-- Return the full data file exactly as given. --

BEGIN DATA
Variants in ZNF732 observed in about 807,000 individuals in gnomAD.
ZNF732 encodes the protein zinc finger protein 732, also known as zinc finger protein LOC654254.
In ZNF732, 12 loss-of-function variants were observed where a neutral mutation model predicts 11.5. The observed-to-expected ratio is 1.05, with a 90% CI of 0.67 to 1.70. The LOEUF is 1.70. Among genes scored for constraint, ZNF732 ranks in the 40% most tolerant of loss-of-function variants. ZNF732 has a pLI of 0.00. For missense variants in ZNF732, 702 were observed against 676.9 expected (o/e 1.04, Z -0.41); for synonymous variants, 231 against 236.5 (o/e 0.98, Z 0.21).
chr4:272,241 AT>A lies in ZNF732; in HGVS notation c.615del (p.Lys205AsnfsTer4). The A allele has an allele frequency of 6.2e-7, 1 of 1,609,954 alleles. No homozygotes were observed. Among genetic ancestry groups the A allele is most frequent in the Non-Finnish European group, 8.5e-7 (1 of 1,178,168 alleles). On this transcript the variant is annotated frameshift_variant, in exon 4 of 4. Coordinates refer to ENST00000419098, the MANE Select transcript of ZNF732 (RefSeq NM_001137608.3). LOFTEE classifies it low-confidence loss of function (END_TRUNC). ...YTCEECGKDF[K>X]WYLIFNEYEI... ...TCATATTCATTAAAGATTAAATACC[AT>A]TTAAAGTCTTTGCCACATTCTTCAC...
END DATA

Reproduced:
Variants in ZNF732 observed in about 807,000 individuals in gnomAD.
ZNF732 encodes the protein zinc finger protein 732, also known as zinc finger protein LOC654254.
In ZNF732, 12 loss-of-function variants were observed where a neutral mutation model predicts 11.5. The observed-to-expected ratio is 1.05, with a 90% CI of 0.67 to 1.70. The LOEUF is 1.70. Among genes scored for constraint, ZNF732 ranks in the 40% most tolerant of loss-of-function variants. ZNF732 has a pLI of 0.00. For missense variants in ZNF732, 702 were observed against 676.9 expected (o/e 1.04, Z -0.41); for synonymous variants, 231 against 236.5 (o/e 0.98, Z 0.21).
chr4:272,241 AT>A lies in ZNF732; in HGVS notation c.615del (p.Lys205AsnfsTer4). The A allele has an allele frequency of 6.2e-7, 1 of 1,609,954 alleles. No homozygotes were observed. Among genetic ancestry groups the A allele is most frequent in the Non-Finnish European group, 8.5e-7 (1 of 1,178,168 alleles). On this transcript the variant is annotated frameshift_variant, in exon 4 of 4. Coordinates refer to ENST00000419098, the MANE Select transcript of ZNF732 (RefSeq NM_001137608.3). LOFTEE classifies it low-confidence loss of function (END_TRUNC). ...YTCEECGKDF[K>X]WYLIFNEYEI... ...TCATATTCATTAAAGATTAAATACC[AT>A]TTAAAGTCTTTGCCACATTCTTCAC...